The arrangement tests the boundaries of the state Constitution's "anti-donation clause" that prohibits government donations as a precaution against corruption.

The proposal from Democratic House Speaker Brian Egolf and allied state Rep. Christine Chandler of Los Alamos stands among a long list of bills aimed at reviving the local economy as New Mexico emerges from the pandemic and aggressive emergency health orders from Gov. Michelle Lujan Grisham.

Republican Sen. Pat Woods of Grady bristled at the prospect of continued business restrictions as relief initiatives are drafted.

¨There still aren't any assurances that we'll have those businesses open," Woods said. He cast the lone "no" vote against the bill on Thursday.

The proposed grants would be contingent on the hiring or rehiring of employees. Similar grants with more restrictions under the Local Economic Development Act are exempt from the constitutional provisions that prohibit the direct donation of taxpayer dollars as an anti-corruption measure.

A House-approved version of the bill would keep grant applications confidential — an exception to transparency provisions in the state inspection of public records act. The Senate-approved bill would keep only tax-return information confidential, Muñoz said.

Businesses owned by five state senators benefited last year from small business grants enacted by the Legislature and underwritten by the federal relief funds, according to documents obtained by The Associated Press under provisions of the public records act.

Separately, state legislators are advancing proposals for minimal-interest loans to small businesses, tax rebates to low-wage workers and a monthslong tax holiday for restaurants.

It was unclear whether the governor supports the bill as written. Lujan Grisham has indicating her support for $475 million in relief spending during the coming fiscal year, deferring to legislators on many details.

New Mexico's current emergency health order limits public gatherings to 20 people or less depending on local COVID-19 infection rates, with limited capacity at most businesses and no access to entertainment or close-contact recreational venues.

New Mexico Senate Considers $200 Million In Business Relief - By Morgan Lee Associated Press

A bill is headed toward a state Senate vote that would provide $200 million from the state general fund to thousands of businesses that experienced income declines in 2020.

Scheduled for a crucial vote Thursday, the bill would provide individual grants of up to $100,000 without repayment to businesses for the reimbursement of rent, lease or mortgage obligations. The arrangement tests the boundaries of the state Constitution's "anti-donation clause" that prohibits government donations as a precaution against corruption.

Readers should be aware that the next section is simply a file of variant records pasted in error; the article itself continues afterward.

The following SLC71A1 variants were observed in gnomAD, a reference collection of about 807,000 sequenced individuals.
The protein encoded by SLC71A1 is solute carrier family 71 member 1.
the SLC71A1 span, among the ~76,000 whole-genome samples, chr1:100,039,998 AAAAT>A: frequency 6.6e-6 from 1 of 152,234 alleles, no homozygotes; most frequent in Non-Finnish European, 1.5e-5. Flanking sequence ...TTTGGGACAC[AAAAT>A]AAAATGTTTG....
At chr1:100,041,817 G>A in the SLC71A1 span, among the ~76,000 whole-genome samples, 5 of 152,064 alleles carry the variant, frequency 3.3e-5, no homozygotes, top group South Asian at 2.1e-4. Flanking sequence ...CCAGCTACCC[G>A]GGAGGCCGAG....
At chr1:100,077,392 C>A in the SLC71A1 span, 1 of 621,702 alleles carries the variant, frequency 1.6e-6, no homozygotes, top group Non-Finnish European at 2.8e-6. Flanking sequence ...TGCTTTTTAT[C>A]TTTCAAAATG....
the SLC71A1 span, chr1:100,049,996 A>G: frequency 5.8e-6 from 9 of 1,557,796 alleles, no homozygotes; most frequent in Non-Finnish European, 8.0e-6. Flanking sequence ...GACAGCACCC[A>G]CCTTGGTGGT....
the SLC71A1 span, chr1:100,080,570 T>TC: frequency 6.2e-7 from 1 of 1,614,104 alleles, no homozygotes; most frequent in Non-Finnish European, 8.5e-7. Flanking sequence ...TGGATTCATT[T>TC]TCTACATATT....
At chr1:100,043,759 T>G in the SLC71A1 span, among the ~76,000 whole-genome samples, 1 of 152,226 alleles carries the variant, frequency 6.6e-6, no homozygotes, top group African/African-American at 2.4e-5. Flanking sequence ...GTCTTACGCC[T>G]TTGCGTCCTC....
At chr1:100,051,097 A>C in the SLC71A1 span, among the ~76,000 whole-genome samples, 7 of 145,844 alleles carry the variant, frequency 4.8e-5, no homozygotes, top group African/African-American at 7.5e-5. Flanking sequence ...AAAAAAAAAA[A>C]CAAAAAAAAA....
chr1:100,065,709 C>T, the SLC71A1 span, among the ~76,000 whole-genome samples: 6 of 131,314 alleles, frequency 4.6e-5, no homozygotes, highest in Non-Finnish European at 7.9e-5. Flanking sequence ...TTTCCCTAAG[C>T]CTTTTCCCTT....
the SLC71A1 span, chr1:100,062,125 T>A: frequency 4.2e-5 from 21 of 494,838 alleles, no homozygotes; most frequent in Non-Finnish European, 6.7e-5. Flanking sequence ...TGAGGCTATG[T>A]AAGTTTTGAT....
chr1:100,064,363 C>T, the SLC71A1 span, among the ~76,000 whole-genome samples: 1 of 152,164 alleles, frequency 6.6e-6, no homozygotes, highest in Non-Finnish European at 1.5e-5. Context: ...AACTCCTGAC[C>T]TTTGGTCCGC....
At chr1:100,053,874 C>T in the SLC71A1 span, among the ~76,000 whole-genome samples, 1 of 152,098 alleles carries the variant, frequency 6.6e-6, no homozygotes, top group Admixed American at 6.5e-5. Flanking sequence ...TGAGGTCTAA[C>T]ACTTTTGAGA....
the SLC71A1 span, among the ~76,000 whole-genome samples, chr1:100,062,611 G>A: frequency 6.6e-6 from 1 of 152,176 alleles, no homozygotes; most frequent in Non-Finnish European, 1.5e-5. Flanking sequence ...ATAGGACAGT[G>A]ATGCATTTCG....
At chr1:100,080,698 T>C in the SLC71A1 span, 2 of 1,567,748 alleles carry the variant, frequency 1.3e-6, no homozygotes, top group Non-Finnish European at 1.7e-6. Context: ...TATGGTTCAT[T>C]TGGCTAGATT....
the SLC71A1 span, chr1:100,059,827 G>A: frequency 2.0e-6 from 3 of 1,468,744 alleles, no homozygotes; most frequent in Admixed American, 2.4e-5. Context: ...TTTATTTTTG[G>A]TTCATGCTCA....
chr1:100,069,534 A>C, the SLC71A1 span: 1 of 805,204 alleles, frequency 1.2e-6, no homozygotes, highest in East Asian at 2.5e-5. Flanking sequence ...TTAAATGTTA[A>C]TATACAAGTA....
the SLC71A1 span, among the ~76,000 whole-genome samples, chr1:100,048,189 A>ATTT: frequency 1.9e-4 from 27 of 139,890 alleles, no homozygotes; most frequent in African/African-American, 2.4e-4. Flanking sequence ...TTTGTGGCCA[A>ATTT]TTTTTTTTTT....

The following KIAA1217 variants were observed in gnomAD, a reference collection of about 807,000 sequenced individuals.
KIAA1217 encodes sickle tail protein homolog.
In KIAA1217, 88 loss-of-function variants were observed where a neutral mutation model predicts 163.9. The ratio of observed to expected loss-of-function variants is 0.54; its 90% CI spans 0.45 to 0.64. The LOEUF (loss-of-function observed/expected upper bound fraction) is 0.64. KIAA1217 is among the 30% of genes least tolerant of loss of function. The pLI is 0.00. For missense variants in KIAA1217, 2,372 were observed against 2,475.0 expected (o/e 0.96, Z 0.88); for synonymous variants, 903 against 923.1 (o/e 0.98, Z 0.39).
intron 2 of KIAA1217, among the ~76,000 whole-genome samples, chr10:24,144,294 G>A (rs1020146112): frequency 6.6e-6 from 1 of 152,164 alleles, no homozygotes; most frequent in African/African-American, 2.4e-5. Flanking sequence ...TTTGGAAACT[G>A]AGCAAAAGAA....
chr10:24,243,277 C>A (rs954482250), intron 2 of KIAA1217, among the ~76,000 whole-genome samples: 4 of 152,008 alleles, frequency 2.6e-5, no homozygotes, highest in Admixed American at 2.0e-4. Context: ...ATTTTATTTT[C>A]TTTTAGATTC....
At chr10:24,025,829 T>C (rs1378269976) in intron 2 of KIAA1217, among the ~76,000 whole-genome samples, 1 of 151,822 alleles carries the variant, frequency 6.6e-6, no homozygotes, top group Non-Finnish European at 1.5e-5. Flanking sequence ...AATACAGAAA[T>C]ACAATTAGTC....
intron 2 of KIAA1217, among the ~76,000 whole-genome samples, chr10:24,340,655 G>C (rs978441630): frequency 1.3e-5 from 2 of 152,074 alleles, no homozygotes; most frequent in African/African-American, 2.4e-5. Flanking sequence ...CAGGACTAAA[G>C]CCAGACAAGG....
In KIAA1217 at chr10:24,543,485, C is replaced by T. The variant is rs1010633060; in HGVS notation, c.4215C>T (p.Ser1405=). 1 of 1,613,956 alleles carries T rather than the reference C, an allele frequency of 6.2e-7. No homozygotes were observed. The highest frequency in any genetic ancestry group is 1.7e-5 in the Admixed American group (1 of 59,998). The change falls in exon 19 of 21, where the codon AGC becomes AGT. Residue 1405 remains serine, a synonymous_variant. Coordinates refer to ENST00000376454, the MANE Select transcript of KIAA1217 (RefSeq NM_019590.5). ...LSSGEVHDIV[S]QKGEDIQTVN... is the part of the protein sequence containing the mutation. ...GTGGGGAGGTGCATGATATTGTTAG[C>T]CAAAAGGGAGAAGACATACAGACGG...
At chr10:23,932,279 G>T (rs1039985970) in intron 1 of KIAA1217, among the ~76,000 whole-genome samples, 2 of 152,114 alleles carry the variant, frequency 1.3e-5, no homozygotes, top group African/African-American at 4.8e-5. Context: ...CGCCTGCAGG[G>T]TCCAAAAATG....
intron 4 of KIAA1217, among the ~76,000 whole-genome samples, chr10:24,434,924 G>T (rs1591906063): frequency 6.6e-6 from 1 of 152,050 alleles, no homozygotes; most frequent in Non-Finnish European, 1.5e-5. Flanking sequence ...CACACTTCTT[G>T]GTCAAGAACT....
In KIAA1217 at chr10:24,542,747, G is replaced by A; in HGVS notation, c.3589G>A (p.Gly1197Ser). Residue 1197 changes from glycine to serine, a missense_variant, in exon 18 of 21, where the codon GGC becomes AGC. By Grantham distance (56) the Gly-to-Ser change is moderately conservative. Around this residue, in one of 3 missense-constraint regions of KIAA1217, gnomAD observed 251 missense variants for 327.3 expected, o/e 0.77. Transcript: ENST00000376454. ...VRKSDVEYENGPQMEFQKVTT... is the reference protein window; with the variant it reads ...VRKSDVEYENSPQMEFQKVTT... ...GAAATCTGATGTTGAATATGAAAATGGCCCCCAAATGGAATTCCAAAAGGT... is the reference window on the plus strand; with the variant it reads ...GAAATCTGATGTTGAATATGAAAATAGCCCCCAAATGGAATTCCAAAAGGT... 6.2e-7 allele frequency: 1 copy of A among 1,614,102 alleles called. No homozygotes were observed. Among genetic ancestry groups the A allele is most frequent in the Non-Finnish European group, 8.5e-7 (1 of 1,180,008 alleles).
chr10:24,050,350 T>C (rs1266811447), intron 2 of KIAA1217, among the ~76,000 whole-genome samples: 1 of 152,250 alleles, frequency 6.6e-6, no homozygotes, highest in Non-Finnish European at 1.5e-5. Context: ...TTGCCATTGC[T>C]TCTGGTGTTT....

The proposal from Democratic House Speaker Brian Egolf and allied state Rep. Christine Chandler of Los Alamos stands among a long list of bills aimed at reviving the local economy as New Mexico emerges from the pandemic and aggressive emergency health orders from Gov. Michelle Lujan Grisham.

A Senate committee this week rejected provisions of the bill that would have permanently boost payouts from the state's closing fund for business expansions and relocations. Senate approval would return the bill to the House for consideration of the amended initiative.

"When you're closed and you have no other source of income and you just need to survive, we need to make those opportunities for New Mexicans in any way, shape or form," Sen. George Muñoz of Gallup said Wednesday as the lead Senate budget committee endorsed the grant program.

Republican Sen. Pat Woods of Grady bristled at the prospect of continued business restrictions as relief initiatives are drafted.

¨There still aren't any assurances that we'll have those businesses open," Woods said.

The proposed grants would be contingent on the hiring or rehiring of employees. Similar grants with more restrictions under the Local Economic Development Act are exempt from the constitutional provisions that prohibit the direct donation of taxpayer dollars as an anti-corruption measure.

A House-approved version of the bill would keep grant applications confidential — an exception to transparency provisions in the state inspection of public records act. Proposed amendments by the Senate do away with the confidentiality provisions.